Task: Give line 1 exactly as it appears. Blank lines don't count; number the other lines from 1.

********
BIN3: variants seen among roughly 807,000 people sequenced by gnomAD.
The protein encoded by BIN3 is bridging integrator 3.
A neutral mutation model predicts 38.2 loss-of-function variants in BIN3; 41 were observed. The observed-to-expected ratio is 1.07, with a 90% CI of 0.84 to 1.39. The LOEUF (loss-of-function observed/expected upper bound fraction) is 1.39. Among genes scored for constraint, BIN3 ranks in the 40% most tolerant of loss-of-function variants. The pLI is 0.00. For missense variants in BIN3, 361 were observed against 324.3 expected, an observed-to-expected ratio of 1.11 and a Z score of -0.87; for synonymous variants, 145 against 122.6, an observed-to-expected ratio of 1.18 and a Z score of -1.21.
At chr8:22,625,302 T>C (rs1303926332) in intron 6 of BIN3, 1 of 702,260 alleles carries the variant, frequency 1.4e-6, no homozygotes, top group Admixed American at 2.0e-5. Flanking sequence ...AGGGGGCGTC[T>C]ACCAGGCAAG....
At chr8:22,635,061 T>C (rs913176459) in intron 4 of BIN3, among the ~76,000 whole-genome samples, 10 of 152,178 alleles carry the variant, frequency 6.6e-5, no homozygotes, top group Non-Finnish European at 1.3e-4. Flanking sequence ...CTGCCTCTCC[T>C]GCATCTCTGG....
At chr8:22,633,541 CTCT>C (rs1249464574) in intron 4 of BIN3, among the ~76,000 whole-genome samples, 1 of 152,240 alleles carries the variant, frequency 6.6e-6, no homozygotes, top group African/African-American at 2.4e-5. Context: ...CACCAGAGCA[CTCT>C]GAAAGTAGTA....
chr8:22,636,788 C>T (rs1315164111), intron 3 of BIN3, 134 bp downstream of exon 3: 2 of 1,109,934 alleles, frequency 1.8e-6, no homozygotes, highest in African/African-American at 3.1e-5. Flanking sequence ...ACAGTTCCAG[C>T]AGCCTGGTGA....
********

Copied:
BIN3: variants seen among roughly 807,000 people sequenced by gnomAD.